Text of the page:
Judge suspends license of San Diego physician who admitted to drinking 16 ounces of vodka before patient visits

A state judge suspended the medical license of Marco Chavez, MD, May 7 after the psychiatrist admitted to drinking 16 ounces of vodka before 8 a.m. prior to seeing patients, according to NBC Bay Area.

In her May 7 ruling, the judge stated Dr. Chavez admitted to having a drinking problem during a May 3 hearing, and said he drank two eight-ounce glasses of vodka mixed with cloves at 6 a.m. and 7 a.m. as a "home remedy" suggested by his mother, according to the report. He said his mother had hoped the concoction would help mitigate Dr. Chavez's drinking problem.

The judge's factual findings of the case indicate the Medical Board of California initiated its investigation into Dr. Chavez in February 2017 after receiving a complaint from a patient alleging Dr. Chavez mailed her a sample box of medication that also contained an empty vodka bottle.

A medical board investigator visited Dr. Chavez in his practice three times during a three-month period between January and April of this year. During the April 18 visit, the investigator noted he "observed signs and symptoms that caused him to suspect [Dr. Chavez] was intoxicated."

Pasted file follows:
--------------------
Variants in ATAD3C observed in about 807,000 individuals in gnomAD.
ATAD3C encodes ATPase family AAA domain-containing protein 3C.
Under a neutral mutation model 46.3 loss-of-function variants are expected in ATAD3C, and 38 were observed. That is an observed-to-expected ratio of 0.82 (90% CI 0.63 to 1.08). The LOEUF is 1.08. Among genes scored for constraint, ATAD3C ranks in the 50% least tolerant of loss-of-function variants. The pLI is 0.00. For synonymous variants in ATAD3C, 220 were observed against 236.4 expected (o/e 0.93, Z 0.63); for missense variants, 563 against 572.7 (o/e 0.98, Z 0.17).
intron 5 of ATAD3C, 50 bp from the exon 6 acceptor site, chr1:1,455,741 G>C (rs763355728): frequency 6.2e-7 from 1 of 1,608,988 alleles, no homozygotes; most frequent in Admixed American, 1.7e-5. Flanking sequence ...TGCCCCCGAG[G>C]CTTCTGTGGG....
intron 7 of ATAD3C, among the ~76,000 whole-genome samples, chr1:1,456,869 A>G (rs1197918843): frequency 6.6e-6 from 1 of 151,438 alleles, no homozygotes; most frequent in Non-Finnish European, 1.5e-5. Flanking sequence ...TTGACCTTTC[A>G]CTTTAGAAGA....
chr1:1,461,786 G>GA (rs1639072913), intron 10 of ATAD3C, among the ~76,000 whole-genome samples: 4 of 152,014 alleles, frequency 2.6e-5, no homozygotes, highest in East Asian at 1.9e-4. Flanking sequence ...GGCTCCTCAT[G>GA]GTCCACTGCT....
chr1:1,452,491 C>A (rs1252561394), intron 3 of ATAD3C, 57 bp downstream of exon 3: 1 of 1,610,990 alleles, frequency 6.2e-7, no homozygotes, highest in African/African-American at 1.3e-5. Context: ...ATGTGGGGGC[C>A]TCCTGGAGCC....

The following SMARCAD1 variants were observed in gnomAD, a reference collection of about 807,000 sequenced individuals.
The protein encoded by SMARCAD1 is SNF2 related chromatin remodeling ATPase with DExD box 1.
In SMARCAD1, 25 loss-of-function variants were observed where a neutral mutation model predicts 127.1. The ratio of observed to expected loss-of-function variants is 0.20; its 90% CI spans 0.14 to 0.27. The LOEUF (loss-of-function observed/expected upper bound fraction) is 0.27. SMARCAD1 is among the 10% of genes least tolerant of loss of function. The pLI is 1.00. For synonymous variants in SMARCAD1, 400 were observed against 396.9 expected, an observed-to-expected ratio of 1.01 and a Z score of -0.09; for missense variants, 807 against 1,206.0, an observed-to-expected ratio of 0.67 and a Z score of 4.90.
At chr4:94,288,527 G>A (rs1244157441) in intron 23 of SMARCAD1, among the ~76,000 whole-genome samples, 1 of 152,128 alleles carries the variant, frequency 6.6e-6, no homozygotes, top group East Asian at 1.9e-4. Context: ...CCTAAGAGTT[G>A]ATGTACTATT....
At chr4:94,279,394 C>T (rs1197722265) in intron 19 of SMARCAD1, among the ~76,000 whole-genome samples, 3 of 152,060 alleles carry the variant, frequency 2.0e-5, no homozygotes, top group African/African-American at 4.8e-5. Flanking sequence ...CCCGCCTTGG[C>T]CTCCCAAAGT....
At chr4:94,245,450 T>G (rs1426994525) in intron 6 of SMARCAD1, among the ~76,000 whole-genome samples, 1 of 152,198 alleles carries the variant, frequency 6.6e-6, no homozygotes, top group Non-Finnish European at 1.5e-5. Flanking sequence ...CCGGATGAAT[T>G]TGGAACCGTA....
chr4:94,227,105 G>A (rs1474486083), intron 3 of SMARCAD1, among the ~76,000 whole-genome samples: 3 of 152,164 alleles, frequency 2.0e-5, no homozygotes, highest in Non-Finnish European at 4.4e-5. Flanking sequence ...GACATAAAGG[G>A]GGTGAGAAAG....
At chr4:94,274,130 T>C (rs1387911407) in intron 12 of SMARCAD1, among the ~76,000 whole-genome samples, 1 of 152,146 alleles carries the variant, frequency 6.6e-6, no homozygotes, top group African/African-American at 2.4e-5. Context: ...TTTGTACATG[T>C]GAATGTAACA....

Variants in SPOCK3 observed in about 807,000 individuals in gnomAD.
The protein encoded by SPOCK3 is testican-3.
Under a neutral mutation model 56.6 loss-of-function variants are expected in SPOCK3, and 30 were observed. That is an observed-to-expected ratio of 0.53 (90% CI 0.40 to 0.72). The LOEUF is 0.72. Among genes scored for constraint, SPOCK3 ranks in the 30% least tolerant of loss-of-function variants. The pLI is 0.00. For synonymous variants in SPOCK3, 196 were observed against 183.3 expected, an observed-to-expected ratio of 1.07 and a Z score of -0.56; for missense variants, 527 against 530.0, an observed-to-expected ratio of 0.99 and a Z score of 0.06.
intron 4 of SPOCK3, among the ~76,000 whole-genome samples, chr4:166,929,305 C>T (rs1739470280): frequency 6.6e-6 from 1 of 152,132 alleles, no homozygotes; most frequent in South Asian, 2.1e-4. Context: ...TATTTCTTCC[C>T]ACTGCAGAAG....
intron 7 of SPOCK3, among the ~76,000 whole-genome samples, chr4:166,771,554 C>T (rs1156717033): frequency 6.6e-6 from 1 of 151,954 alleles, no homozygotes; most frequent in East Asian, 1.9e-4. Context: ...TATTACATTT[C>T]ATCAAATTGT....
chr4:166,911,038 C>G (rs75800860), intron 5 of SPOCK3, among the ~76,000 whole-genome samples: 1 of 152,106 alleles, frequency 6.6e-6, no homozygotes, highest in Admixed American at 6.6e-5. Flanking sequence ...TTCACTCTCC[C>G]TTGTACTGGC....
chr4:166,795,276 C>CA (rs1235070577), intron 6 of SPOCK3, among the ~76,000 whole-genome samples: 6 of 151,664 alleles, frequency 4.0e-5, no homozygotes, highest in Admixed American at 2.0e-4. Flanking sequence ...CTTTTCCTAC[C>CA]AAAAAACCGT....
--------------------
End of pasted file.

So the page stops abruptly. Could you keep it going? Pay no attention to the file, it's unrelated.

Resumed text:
According to court documents, Dr. Chavez told the medical investigator during the April 18 visit he had not had a drink since Feb. 24 and denied he had an alcohol addiction. However, later during the same visit, Dr. Chavez admitted his mother gave him a "Mexican home remedy" comprising two eight-ounce glasses of vodka mixed with cloves, which he had imbibed that morning.

Following the investigator's visit, police arrived at Dr. Chavez's office to administer a blood alcohol test and discovered the psychiatrist had a blood alcohol content of .216, almost three times the legal limit of .08.

Dr. Chavez admitted during the May 3 hearing he regularly drank in excess with his friends on Sundays, which he referred to as "Sunday Funday," and said he would knowingly not schedule patients on Mondays. He said he was in the office April 18 — a Monday, according to Dr. Chavez — to care for a patient, but had not been planning to work that day. However, officials noted April 18 was a Wednesday.

The judge ruled May 7 Dr. Chavez's testimony "was not persuasive evidence of rehabilitation" and suspended his license, effective the same day.

To access the judge's ruling, click here.

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